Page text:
T.S. Garp, whose life is traced in John Irving’s The Wold According to Garp, is a humorous, bittersweet, and wonderfully human character. His unusual life begins even before him, with an extraordinary conception. His mother, Jenny Fields, is a no-nonsense nurse whose unorthodox philosophy on life shapes Garp’s irregular fate. Having seen the messier and less appealing consequences of human lust, Jenny is not interested in men or sex, but is interested in motherhood. By utilizing the constant arousal of a rapidly deteriorating World War II soldier under her care at Boston Mercy Hospital, Jenny Fields gets pregnant, without the usual entanglements of romance, commitment or disease. Jenny and her baby, T.S. Garp, carry the particular strangeness of the event with them throughout their lives.
Through Garp’s younger years, the years during which one needs a mother’s care, the two stay together. In this time Garp is expose to books, his mother’s anti-social existence, and the adventurous nonsense a young boy with a slightly eccentric mother is apt to find. First, Jenny works as a nurse at the Steering School where Garp lives in the infirmary and receives a fine education in the classroom, and a decent amount of learning outside the classroom. His sexual experimentation from a young age would always carry a hint of the clinical air with which Jenny described it. Garp joins the wrestling team as recommended by his mother, who also sampled every course offered at the school so as to best advise her son. Wrestling, the kind Coach Helm, and his lovely daughter, Helen Helm, who is constantly reading, leave a lasting mark on Garp. It is Helen who inspires Garp to become a writer by saying if she ever married it would be to a writer. Following Garp’s graduation, he and Jenny go to Europe, where Garp plans to begin writing. In Vienna, the solitary pension life is natural for both mother and son. However, the writing comes more easily to Jenny than to Garp, who after managing only one strong short story himself, called ‘The Pension GrillParzer,’ resents his mother’s autobiography entitled ‘A Sexual Suspect.’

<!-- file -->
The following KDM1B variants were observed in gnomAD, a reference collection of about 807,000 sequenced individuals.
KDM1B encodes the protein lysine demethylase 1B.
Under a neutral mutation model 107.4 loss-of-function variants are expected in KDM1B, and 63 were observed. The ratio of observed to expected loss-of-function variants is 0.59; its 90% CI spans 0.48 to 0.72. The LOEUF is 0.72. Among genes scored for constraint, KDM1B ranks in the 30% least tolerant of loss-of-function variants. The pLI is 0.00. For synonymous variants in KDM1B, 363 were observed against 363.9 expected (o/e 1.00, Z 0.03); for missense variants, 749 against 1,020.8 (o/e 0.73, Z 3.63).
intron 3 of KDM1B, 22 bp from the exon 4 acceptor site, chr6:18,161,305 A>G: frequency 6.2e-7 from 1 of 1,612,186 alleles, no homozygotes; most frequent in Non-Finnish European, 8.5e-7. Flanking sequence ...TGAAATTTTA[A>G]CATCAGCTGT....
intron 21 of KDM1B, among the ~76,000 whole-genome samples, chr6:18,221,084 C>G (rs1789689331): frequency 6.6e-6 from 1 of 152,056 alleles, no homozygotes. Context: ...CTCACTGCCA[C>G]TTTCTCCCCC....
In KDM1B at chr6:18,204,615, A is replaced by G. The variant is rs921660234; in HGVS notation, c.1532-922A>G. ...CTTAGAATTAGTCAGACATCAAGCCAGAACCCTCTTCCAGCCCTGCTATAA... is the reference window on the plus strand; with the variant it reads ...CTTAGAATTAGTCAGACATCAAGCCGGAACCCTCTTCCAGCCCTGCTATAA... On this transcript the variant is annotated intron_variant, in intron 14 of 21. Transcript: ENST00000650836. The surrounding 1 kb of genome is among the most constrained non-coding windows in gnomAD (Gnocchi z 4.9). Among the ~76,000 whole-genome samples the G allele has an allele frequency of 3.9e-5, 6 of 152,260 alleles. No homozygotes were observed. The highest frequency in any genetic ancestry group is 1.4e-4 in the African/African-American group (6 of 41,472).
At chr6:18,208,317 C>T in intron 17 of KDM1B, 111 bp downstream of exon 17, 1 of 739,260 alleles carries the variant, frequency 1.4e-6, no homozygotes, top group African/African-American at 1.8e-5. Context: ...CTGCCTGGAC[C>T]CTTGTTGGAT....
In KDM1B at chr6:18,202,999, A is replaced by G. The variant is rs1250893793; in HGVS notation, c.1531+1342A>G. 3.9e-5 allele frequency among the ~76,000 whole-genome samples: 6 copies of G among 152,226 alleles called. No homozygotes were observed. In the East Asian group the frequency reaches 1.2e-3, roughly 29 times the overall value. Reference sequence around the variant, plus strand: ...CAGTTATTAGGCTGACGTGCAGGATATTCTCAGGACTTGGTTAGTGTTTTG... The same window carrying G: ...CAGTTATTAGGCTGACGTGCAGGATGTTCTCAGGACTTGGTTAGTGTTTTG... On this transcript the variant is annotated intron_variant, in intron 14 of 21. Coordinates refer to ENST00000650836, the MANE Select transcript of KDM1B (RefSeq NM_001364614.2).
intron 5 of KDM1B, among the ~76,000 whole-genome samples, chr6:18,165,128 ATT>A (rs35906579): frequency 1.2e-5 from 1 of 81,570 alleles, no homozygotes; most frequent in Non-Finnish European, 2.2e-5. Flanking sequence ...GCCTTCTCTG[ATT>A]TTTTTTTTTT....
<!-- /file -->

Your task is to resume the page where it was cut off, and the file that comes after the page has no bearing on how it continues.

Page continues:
Helen Helm, after reading ‘The Pension Grillparzer,’marries Garp and their marriage twists together with a collection of oddities rivaling those of Garp’s childhood. The Garps have two boys, whom Garp cares for while Jenny teaches at a local college.
The role of homemaker and writer is satisfying for Garp, but the marriage is tested several times by that human lust Jenny Fields had always despised. Indiscretions made by both Helen and Garp tear at their relationship until one particular indiscretion leads to an accident in which both are injured and one of the sons is killed. Unable to care for themselves, and unwilling to try and care for one another, Garp and Helen, along with their surviving son, move in with Jenny.
After Vienna Garp had his adult life and Jenny’s book was published, and with those changes Jenny begins her next project. At her family’s house at Dog’s Head Harbor, Maine, Jenny opened her arms and ears to troubled women, and begins the crusade which wins her fame. Jenny is a feminist, and, always wearing her white nurse’s uniform, a great figure of strength for other feminists. Her home is open to everyone, and through it Garp is exposed to new sorts of women and opinions. The Ellen Jamesians are a group which influences Garp more dramatically. To show their alliances a sympathy for a young rape victim whose tongue was cut out by her attackers, the Ellen Jamesians cut out their own tongues. It is an act and a philosophy Garp struggles to understand. He never liked rape, but self mutilation is not an interest of his either. From the accident onward Garp’s writing becomes more strange and Jenny becomes more political, a public figure to the point where she is the target of assassination.
The passage of time in The World According to Garp brings to Garp an understanding of his mother, an acceptance of his fate and leggacy for his children. Though not a great hero, Garp lives an outstanding life, one so strong that even after his death, his children and acquaintances would continue on living in the world according to him.